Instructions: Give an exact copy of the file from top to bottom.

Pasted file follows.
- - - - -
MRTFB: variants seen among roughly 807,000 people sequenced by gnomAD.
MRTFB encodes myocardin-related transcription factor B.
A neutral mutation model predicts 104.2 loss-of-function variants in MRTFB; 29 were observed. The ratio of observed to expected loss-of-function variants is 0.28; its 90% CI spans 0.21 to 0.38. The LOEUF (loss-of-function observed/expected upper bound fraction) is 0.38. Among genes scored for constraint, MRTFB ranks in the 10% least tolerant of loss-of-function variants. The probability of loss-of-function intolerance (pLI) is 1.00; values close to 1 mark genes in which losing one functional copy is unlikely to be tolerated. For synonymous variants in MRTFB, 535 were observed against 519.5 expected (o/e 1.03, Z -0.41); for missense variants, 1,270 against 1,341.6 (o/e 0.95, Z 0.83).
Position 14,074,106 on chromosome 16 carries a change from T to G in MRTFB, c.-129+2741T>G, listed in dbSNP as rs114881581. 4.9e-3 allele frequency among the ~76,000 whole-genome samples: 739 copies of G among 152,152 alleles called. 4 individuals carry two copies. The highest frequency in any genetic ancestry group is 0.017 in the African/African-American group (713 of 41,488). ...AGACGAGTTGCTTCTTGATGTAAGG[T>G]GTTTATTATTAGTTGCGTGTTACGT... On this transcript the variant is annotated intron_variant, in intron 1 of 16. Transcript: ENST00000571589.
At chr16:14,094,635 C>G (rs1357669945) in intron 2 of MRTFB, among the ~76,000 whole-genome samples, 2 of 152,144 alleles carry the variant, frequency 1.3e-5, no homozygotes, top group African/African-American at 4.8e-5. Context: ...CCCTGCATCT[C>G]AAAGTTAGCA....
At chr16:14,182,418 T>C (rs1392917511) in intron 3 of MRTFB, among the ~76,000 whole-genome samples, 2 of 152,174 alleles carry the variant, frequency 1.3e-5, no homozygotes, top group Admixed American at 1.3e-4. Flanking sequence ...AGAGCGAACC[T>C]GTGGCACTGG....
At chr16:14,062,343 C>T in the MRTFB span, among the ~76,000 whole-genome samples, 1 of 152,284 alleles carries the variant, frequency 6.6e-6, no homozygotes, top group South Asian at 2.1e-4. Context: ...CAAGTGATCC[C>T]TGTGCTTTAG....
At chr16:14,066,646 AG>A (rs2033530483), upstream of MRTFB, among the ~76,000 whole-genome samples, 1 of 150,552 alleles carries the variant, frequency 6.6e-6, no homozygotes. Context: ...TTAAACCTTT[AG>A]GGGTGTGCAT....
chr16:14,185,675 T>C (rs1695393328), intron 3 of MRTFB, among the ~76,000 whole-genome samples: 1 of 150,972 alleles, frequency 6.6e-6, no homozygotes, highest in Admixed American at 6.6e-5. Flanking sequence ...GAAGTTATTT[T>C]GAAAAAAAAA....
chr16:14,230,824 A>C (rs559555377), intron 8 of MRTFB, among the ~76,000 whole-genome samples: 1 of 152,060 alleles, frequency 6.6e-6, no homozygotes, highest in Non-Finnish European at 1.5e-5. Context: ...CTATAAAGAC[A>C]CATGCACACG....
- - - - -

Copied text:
MRTFB: variants seen among roughly 807,000 people sequenced by gnomAD.
MRTFB encodes myocardin-related transcription factor B.
A neutral mutation model predicts 104.2 loss-of-function variants in MRTFB; 29 were observed. The ratio of observed to expected loss-of-function variants is 0.28; its 90% CI spans 0.21 to 0.38. The LOEUF (loss-of-function observed/expected upper bound fraction) is 0.38. Among genes scored for constraint, MRTFB ranks in the 10% least tolerant of loss-of-function variants. The probability of loss-of-function intolerance (pLI) is 1.00; values close to 1 mark genes in which losing one functional copy is unlikely to be tolerated. For synonymous variants in MRTFB, 535 were observed against 519.5 expected (o/e 1.03, Z -0.41); for missense variants, 1,270 against 1,341.6 (o/e 0.95, Z 0.83).
Position 14,074,106 on chromosome 16 carries a change from T to G in MRTFB, c.-129+2741T>G, listed in dbSNP as rs114881581. 4.9e-3 allele frequency among the ~76,000 whole-genome samples: 739 copies of G among 152,152 alleles called. 4 individuals carry two copies. The highest frequency in any genetic ancestry group is 0.017 in the African/African-American group (713 of 41,488). ...AGACGAGTTGCTTCTTGATGTAAGG[T>G]GTTTATTATTAGTTGCGTGTTACGT... On this transcript the variant is annotated intron_variant, in intron 1 of 16. Transcript: ENST00000571589.
At chr16:14,094,635 C>G (rs1357669945) in intron 2 of MRTFB, among the ~76,000 whole-genome samples, 2 of 152,144 alleles carry the variant, frequency 1.3e-5, no homozygotes, top group African/African-American at 4.8e-5. Context: ...CCCTGCATCT[C>G]AAAGTTAGCA....
At chr16:14,182,418 T>C (rs1392917511) in intron 3 of MRTFB, among the ~76,000 whole-genome samples, 2 of 152,174 alleles carry the variant, frequency 1.3e-5, no homozygotes, top group Admixed American at 1.3e-4. Flanking sequence ...AGAGCGAACC[T>C]GTGGCACTGG....
At chr16:14,062,343 C>T in the MRTFB span, among the ~76,000 whole-genome samples, 1 of 152,284 alleles carries the variant, frequency 6.6e-6, no homozygotes, top group South Asian at 2.1e-4. Context: ...CAAGTGATCC[C>T]TGTGCTTTAG....
At chr16:14,066,646 AG>A (rs2033530483), upstream of MRTFB, among the ~76,000 whole-genome samples, 1 of 150,552 alleles carries the variant, frequency 6.6e-6, no homozygotes. Context: ...TTAAACCTTT[AG>A]GGGTGTGCAT....
chr16:14,185,675 T>C (rs1695393328), intron 3 of MRTFB, among the ~76,000 whole-genome samples: 1 of 150,972 alleles, frequency 6.6e-6, no homozygotes, highest in Admixed American at 6.6e-5. Flanking sequence ...GAAGTTATTT[T>C]GAAAAAAAAA....
chr16:14,230,824 A>C (rs559555377), intron 8 of MRTFB, among the ~76,000 whole-genome samples: 1 of 152,060 alleles, frequency 6.6e-6, no homozygotes, highest in Non-Finnish European at 1.5e-5. Context: ...CTATAAAGAC[A>C]CATGCACACG....